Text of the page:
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Letter to the Editor: The Joys of Returning to Flagstaff – Arizona Every day Solar.



I read Bert Gershater's moving article, "Tearing Up Leaving Beloved Flagstaff" (December 22nd) with mixed feelings: he was bleak when he left for good reasons, while my wife and I returned for the same reasons – both mostly with family related and aging. After four very good years in Tempe we have returned to Flagstaff, our home, for 15 years. But Flagstaff means "home" to us. So this article is kind of a reverse echo of the Gershater article with a happier ending.

The little bungalow near the ASU campus that we inherited was just right for us and the location was perfect. We had volunteered for the Museum of Northern Arizona for a long time and transferred this work almost seamlessly to the Desert Botanic Garden. We enjoyed the warm winters, the good neighbors and the university activities nearby. Life was good.

But we became aware of what we had missed over time and the slip of days reminded us that retirement is both a prelude and a pleasure. Our closest family stayed in the north and the big city environment was not the same as fresh and clean mountain air and water. The joys of warm winter made for a scorching summer, and the joy of biking around Tempe Town Lake was tempered by memories of biking the urban trail through Flagstaff and its surroundings.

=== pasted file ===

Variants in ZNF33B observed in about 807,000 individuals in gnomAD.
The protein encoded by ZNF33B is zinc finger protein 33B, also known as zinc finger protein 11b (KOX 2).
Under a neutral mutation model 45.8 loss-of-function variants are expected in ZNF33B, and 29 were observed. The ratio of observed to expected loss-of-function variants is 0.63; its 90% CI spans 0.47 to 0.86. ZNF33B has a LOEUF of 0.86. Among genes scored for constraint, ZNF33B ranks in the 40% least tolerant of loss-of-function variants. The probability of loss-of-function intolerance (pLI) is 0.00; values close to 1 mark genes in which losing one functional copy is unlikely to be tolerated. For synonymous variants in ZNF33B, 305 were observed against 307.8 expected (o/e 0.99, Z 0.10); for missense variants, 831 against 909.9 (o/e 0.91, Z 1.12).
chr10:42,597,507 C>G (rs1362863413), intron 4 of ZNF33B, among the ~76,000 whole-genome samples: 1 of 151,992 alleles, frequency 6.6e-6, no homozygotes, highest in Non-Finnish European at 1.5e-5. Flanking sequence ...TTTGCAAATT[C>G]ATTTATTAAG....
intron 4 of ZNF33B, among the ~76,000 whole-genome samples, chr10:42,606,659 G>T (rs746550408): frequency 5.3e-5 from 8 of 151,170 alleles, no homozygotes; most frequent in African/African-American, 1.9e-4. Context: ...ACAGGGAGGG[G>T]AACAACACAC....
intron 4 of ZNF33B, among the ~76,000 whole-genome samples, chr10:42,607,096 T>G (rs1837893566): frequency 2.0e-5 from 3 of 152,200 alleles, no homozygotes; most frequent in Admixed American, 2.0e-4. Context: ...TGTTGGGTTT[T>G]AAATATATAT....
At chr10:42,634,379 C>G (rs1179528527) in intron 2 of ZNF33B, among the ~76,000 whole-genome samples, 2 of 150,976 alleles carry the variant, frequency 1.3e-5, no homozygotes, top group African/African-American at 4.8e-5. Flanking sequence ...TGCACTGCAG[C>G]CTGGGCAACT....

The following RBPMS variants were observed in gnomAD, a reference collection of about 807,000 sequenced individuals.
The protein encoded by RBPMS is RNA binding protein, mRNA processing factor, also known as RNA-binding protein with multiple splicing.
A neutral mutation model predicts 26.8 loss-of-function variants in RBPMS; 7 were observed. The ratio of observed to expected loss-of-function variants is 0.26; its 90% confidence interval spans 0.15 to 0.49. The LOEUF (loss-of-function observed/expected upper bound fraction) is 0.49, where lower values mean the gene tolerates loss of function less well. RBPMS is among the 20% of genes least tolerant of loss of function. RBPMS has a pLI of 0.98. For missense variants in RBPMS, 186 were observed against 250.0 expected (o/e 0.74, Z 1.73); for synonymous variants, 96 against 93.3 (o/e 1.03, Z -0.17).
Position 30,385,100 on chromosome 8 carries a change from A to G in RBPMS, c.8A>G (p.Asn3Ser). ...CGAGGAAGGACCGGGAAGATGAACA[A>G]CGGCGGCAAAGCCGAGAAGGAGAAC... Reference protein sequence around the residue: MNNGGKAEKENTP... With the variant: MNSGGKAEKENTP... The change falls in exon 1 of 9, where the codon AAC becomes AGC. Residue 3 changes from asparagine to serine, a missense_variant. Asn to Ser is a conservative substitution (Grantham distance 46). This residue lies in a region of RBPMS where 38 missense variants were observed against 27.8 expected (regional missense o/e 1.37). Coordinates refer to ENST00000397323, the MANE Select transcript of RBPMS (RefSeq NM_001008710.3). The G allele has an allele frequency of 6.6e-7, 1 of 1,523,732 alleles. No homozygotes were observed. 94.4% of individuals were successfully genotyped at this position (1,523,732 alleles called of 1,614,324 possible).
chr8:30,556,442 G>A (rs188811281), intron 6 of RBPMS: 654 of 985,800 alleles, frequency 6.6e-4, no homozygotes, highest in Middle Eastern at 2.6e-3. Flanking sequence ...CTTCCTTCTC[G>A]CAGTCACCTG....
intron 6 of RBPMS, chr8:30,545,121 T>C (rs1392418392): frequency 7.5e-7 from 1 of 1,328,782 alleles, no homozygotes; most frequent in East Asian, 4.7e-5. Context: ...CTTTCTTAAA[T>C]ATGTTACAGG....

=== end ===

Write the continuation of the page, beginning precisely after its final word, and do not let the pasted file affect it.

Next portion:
As a semi-retired writer, I found the Arizona Republic of Phoenix, which welcomed my occasional articles and letters to the editor, as the Daily Sun had done for years. But as a reader I noticed an important difference between the two newspapers. The Republic's approach to the news and its columns is to the right of center, which suits its history and readership, while the Sun's approach to the left of center, which is in line with its tradition and the influence of its late-lamented editor Randy Wilson. Both newspapers are excellent in their own way, but the small-town taste of the sun and its overt penchant for political moderation and the outdoors left a better aftertaste for my breakfast. And I am spared the political extremes that are being replaced by enthusiastic gardeners, hikers and bikers.

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